Computational Models of Rhythm and Meter presents several mathematical models and algorithms for the analysis and generation of musical rhythms and forms that range from the smallest patterns up to an entire musical piece. It is accompanied by an open source code project called chunking. Chunking implements most of the algorithms that are presented in this book. Music without rhythm is unthinkable. Music, like Theatre and Dance, needs time to perform. Rhythm is a universal principle. A large number of cycles and rhythmic patterns occur naturally within our own bodies and in the universe around us. Since all languages have their rhythms, music is often regarded as a language, a "rhythmic language of sound" (Giger, Die Kunst des Rhythmus : Professionelles Know How in Theorie und Praxis, Mainz London New York: Schott, (1993)), although isolated musical sounds do not carry semantic meaning in the same way than words or sentences do in a language.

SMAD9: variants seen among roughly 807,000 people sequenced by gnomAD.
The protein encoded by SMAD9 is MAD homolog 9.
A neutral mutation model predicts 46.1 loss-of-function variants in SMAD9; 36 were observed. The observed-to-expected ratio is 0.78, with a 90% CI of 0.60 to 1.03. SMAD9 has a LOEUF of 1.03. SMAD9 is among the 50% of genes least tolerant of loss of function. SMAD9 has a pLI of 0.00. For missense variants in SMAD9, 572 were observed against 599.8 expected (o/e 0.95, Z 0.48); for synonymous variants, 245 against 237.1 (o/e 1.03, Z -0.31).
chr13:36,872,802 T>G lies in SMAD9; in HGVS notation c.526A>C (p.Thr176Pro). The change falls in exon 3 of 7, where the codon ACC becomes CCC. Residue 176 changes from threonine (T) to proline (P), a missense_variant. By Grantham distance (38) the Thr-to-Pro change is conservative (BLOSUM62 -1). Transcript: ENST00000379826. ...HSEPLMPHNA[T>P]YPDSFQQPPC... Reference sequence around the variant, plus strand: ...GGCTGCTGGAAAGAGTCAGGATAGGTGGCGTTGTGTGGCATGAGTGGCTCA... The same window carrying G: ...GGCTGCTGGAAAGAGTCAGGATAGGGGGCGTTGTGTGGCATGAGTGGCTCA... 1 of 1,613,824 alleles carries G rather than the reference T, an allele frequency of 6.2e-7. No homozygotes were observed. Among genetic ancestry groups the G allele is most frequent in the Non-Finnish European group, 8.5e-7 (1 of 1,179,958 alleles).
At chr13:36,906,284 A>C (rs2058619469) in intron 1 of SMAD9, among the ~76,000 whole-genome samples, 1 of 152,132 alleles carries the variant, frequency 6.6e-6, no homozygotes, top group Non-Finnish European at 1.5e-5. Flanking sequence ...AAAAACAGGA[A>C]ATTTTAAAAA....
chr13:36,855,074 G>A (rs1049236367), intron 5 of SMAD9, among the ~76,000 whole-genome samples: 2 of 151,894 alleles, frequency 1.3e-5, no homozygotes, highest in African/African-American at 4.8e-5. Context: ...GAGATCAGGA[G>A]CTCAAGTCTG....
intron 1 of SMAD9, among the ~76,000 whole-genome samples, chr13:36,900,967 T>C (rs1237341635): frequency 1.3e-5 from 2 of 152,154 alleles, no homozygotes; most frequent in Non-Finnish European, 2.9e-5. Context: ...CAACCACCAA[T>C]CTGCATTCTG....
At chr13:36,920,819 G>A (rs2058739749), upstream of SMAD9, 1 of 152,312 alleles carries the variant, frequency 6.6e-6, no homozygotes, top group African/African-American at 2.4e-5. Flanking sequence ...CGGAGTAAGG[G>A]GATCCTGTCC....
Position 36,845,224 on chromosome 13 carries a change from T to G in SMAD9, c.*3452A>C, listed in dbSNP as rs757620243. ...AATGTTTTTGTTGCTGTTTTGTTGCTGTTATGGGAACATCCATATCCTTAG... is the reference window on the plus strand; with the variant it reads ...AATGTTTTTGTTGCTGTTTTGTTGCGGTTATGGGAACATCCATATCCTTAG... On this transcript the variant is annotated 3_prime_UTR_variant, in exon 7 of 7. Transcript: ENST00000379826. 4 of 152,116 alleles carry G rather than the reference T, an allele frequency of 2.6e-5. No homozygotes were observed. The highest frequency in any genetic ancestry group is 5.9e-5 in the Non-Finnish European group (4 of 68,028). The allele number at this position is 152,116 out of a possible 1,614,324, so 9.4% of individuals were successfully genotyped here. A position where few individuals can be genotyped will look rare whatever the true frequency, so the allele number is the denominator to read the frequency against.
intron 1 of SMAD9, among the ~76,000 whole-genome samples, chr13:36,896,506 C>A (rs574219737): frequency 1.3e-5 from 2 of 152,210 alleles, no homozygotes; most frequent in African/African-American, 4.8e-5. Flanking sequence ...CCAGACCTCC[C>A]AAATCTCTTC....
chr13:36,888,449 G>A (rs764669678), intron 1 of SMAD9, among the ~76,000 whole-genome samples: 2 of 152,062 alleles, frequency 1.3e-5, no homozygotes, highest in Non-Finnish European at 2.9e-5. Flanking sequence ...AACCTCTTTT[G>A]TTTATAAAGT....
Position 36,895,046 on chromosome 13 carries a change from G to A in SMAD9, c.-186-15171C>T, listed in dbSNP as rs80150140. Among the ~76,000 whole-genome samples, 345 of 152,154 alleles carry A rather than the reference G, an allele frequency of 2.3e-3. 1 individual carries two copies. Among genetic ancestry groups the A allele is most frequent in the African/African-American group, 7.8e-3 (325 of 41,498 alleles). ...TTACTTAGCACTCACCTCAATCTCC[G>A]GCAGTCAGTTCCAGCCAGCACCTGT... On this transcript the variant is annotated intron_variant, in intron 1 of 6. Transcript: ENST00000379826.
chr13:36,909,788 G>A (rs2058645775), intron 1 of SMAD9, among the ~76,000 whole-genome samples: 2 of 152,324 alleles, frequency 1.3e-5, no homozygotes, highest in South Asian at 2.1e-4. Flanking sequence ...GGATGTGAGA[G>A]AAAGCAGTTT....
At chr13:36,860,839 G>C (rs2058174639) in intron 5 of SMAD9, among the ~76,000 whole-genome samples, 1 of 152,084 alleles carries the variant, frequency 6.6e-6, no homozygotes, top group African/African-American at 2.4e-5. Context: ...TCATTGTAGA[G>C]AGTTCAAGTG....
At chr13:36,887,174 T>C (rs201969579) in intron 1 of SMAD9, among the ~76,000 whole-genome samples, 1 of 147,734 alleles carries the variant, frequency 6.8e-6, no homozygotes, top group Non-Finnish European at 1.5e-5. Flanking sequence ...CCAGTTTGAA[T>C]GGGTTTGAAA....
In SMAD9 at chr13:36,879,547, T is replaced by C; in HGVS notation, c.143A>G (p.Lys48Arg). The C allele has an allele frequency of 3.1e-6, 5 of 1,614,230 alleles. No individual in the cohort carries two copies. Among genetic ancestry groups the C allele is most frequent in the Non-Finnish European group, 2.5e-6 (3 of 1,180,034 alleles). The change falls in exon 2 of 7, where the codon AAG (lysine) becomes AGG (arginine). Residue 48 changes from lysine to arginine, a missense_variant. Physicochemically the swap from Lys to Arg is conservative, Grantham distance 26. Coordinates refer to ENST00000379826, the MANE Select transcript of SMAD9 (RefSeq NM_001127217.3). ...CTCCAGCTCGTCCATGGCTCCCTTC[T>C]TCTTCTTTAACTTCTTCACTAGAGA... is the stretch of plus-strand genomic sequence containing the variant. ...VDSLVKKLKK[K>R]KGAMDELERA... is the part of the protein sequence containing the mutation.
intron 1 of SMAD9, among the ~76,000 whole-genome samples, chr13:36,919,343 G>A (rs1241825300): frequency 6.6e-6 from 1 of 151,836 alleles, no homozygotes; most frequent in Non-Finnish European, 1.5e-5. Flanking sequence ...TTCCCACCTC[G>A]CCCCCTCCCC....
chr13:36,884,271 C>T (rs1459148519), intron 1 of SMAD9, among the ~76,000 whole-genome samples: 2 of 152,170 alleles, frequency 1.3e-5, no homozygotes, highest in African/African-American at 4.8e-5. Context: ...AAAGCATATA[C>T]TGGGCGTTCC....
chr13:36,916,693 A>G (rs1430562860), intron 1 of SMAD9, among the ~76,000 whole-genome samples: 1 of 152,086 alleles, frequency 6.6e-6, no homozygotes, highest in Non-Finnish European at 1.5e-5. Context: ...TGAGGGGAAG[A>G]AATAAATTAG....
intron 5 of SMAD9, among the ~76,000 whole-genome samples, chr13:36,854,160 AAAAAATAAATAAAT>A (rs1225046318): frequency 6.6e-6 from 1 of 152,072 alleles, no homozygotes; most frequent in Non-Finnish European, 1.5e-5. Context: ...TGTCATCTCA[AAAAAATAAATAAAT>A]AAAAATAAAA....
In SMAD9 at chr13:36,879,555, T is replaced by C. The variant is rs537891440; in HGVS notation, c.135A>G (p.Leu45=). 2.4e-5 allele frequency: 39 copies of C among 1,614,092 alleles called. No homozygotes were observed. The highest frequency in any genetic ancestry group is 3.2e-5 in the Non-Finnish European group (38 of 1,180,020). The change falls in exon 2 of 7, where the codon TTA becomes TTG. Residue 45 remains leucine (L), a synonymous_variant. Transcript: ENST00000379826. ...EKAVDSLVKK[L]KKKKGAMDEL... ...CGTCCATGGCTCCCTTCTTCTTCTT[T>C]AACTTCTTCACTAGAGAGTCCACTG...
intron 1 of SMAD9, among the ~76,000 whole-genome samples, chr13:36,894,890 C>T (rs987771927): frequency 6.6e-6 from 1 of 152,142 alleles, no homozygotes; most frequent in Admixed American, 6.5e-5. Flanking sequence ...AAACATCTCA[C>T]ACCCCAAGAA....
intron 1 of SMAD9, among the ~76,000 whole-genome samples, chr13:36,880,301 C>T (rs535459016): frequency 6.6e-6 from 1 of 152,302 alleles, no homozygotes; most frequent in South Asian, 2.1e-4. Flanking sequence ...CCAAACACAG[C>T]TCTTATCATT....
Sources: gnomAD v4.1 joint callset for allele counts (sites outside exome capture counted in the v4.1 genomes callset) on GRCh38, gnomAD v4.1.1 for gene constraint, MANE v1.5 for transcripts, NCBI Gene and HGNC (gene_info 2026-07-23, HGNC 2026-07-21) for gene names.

Boenn, G. (2018). Introduction, in Computational models of rhythm and meter, Dordrecht, Springer, pp. 1-6.
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